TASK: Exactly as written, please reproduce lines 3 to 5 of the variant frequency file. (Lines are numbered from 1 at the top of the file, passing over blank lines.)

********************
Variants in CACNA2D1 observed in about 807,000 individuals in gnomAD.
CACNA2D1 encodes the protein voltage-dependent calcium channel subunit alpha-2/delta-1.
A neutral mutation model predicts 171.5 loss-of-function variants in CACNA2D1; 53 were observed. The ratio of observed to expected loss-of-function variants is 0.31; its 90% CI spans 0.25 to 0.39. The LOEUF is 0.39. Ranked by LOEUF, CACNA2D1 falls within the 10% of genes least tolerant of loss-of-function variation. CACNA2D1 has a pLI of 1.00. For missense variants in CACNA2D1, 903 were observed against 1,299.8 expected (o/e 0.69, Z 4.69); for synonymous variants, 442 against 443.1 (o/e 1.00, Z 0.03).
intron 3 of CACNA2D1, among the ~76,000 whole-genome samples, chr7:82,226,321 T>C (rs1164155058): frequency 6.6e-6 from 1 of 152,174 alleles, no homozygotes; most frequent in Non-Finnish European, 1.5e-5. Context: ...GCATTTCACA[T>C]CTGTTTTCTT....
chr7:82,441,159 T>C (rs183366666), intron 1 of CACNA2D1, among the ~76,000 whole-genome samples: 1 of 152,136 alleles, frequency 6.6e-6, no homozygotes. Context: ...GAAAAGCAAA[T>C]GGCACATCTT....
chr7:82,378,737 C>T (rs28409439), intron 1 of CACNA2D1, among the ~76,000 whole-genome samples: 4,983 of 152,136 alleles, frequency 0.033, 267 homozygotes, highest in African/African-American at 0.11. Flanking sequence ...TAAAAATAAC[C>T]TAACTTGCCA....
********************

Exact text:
A neutral mutation model predicts 171.5 loss-of-function variants in CACNA2D1; 53 were observed. The ratio of observed to expected loss-of-function variants is 0.31; its 90% CI spans 0.25 to 0.39. The LOEUF is 0.39. Ranked by LOEUF, CACNA2D1 falls within the 10% of genes least tolerant of loss-of-function variation. CACNA2D1 has a pLI of 1.00. For missense variants in CACNA2D1, 903 were observed against 1,299.8 expected (o/e 0.69, Z 4.69); for synonymous variants, 442 against 443.1 (o/e 1.00, Z 0.03).
intron 3 of CACNA2D1, among the ~76,000 whole-genome samples, chr7:82,226,321 T>C (rs1164155058): frequency 6.6e-6 from 1 of 152,174 alleles, no homozygotes; most frequent in Non-Finnish European, 1.5e-5. Context: ...GCATTTCACA[T>C]CTGTTTTCTT....
chr7:82,441,159 T>C (rs183366666), intron 1 of CACNA2D1, among the ~76,000 whole-genome samples: 1 of 152,136 alleles, frequency 6.6e-6, no homozygotes. Context: ...GAAAAGCAAA[T>C]GGCACATCTT....